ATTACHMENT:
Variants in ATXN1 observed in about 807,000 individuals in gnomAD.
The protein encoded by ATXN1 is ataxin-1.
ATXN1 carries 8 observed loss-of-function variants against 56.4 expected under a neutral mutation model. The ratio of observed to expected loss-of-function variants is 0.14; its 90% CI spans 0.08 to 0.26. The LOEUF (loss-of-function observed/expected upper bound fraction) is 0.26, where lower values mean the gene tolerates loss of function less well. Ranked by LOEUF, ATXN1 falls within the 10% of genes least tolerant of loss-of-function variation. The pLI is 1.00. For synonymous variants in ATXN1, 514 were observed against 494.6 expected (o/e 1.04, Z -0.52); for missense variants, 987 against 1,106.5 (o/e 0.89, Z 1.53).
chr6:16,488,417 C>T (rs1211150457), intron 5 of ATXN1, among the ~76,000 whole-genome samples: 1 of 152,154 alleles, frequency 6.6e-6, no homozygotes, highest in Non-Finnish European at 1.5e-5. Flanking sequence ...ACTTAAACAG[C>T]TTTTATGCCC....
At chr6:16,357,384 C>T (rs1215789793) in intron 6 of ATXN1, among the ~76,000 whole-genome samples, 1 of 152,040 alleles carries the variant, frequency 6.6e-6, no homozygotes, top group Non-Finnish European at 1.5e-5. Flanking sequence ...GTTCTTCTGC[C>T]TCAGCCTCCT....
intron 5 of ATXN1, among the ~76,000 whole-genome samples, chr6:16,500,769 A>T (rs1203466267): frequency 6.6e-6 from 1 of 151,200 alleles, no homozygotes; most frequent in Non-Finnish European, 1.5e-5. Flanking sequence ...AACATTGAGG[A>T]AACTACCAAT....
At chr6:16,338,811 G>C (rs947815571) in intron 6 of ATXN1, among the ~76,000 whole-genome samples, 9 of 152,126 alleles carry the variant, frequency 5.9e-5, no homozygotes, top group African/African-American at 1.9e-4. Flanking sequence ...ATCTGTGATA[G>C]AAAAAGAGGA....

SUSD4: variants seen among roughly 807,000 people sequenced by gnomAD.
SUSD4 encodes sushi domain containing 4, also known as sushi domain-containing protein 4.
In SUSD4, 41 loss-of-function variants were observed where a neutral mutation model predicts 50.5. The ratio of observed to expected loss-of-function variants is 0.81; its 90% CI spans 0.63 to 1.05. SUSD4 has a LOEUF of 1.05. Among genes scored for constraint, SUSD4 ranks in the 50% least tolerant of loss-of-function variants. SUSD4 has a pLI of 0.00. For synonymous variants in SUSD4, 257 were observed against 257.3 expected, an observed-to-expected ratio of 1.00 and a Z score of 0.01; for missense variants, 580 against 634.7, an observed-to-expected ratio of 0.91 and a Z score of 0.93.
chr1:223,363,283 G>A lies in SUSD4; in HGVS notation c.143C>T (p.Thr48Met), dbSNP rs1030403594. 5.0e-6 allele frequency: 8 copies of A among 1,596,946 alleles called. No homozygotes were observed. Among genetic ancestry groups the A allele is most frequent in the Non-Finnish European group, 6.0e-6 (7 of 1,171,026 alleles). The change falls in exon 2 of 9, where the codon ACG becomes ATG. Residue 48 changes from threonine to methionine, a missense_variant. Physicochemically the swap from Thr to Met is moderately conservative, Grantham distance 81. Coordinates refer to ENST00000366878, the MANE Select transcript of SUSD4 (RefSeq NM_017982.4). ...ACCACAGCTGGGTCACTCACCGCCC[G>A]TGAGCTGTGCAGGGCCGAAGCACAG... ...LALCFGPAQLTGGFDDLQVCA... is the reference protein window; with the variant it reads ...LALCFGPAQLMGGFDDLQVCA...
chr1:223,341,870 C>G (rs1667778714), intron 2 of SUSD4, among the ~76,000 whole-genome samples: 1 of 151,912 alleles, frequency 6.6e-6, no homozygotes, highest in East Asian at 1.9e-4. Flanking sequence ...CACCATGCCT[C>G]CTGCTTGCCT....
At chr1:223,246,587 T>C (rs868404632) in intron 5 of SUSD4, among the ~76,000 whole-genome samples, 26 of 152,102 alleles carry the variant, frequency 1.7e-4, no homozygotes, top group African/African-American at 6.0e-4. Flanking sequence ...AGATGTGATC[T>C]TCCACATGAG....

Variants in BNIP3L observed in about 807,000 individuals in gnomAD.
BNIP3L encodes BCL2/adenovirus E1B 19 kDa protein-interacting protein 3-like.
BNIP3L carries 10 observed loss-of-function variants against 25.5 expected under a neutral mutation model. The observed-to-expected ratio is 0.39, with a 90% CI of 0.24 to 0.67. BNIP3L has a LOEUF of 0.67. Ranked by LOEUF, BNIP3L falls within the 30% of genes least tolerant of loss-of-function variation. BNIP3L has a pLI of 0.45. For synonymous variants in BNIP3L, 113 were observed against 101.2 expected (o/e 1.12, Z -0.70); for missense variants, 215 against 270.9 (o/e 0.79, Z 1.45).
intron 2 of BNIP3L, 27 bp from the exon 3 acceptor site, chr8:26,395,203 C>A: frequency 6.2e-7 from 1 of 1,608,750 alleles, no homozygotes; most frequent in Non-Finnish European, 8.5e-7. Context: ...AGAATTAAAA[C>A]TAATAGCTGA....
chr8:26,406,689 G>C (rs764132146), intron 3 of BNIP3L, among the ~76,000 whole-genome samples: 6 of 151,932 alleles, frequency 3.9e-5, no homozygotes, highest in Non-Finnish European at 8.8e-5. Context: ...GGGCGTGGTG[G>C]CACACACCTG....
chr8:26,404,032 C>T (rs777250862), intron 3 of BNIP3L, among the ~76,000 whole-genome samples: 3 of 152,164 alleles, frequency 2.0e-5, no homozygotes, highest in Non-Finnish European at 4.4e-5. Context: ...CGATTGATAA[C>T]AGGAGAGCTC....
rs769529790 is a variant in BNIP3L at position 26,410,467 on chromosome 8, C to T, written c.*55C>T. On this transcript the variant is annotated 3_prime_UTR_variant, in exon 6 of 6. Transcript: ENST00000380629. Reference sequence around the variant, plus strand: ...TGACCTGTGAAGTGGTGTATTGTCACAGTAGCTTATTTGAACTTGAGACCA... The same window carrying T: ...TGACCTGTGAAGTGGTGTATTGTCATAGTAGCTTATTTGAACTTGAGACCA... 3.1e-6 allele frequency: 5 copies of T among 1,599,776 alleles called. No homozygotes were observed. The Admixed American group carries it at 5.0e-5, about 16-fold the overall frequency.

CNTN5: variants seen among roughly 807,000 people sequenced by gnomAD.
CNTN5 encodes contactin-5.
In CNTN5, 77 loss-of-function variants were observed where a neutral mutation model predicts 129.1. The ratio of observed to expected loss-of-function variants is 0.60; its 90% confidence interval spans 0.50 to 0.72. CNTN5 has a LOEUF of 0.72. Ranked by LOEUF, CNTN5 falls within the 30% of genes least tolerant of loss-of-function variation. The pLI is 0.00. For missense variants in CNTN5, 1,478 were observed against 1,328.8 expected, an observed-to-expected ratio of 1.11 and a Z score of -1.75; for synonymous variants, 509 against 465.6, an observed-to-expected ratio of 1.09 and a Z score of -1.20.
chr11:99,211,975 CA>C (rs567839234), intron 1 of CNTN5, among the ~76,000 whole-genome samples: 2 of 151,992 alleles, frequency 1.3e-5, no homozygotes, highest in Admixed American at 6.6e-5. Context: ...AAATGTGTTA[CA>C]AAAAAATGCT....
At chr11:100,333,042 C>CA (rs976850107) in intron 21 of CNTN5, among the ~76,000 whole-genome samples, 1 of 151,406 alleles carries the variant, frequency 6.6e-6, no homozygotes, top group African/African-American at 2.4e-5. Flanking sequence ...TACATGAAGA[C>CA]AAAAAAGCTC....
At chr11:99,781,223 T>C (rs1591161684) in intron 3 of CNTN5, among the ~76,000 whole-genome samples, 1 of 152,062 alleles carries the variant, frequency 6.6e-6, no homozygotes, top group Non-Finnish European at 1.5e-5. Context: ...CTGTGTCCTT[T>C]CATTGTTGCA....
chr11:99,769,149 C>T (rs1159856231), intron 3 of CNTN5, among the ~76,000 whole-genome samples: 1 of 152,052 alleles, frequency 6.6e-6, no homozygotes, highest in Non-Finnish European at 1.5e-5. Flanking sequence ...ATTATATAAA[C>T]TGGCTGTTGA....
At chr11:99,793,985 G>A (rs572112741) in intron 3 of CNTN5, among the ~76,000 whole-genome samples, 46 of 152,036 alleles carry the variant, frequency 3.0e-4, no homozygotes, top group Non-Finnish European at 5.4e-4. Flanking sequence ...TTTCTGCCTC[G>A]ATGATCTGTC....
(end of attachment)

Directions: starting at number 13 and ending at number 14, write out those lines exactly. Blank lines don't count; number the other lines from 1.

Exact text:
At chr1:223,246,587 T>C (rs868404632) in intron 5 of SUSD4, among the ~76,000 whole-genome samples, 26 of 152,102 alleles carry the variant, frequency 1.7e-4, no homozygotes, top group African/African-American at 6.0e-4. Flanking sequence ...AGATGTGATC[T>C]TCCACATGAG....

Variants in BNIP3L observed in about 807,000 individuals in gnomAD.